Academy redefines learning specialist role for the benefit of students: character, time management and ‘executive function’ are stressed alongside academic assistance.
For Jamie Lee Forster, who is The Grosse Pointe Academy’s director of learning services, a typical Monday during the school year begins with a meeting with a cohort of eighth-grade students who form her advisory group. She says they go over plans for the week and any special events, and she helps them with organization skills and teaches regular character lessons to the group.
“Then the rest of the day I work with students one-to-one or in small groups,” she said. “Previously, I had taught both reading and math classes, but this upcoming school year, I will only be teaching reading.”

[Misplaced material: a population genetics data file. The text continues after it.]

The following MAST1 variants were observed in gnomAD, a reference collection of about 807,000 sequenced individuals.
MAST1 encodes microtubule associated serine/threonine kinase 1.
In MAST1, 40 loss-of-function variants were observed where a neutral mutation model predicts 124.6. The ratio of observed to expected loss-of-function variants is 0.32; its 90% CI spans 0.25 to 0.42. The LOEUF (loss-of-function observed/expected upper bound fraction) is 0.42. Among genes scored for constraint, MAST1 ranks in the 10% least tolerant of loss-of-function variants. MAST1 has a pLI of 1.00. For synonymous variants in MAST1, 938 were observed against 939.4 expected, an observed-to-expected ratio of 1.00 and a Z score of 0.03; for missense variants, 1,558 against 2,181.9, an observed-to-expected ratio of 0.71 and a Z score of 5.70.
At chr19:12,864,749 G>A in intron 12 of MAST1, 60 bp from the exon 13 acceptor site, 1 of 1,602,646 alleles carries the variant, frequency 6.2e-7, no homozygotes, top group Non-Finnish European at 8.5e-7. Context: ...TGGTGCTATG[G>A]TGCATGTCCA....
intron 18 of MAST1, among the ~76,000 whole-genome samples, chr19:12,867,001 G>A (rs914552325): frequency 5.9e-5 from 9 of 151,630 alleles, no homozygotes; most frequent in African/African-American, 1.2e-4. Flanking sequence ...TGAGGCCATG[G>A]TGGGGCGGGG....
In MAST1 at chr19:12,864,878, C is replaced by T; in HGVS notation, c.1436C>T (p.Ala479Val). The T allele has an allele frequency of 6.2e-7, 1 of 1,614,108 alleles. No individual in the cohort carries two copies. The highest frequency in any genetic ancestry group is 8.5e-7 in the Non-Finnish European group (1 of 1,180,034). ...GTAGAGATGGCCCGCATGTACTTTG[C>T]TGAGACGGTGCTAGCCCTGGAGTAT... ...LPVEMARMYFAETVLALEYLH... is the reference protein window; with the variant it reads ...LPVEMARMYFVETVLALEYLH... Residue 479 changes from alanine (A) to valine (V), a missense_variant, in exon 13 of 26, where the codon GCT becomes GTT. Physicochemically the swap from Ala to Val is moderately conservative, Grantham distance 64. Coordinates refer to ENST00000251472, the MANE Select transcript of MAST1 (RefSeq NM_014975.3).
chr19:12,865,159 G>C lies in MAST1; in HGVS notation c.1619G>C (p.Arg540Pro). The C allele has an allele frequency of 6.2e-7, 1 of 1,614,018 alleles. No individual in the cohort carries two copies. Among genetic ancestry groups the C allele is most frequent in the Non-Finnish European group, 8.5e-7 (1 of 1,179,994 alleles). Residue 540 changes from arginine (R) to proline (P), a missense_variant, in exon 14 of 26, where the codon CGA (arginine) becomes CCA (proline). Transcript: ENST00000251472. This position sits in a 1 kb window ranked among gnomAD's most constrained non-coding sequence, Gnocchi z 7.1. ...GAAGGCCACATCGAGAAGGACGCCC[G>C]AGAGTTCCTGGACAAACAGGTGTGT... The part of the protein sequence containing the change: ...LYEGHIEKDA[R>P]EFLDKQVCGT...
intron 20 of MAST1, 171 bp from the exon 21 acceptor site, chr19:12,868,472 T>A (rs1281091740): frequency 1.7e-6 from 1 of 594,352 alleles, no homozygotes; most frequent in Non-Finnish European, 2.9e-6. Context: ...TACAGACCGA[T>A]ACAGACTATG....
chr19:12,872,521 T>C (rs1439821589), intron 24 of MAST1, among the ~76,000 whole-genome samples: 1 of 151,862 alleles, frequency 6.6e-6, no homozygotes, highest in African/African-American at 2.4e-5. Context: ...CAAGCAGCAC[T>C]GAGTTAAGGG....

Forster’s teaching load has been reduced so she can concentrate more fully as the director of learning services on the entire student body and the school’s new student support services.
“When I got to the Academy three years ago, I was hired in as a learning specialist,” said Forster, who received her master’s degree in education and teaching certifications from Cabrini University in Radnor, Pennsylvania. “Now, we are rebranding my title as director of student services so parents know that I am here to help all students, not just those who need special assistance.”
Great [group] expectations
One of GPA’s relatively new initiatives Forster is working on is a renewed emphasis on character development, part of what the school calls “Great Expectations,” which outlines specific objectives for each area of the school.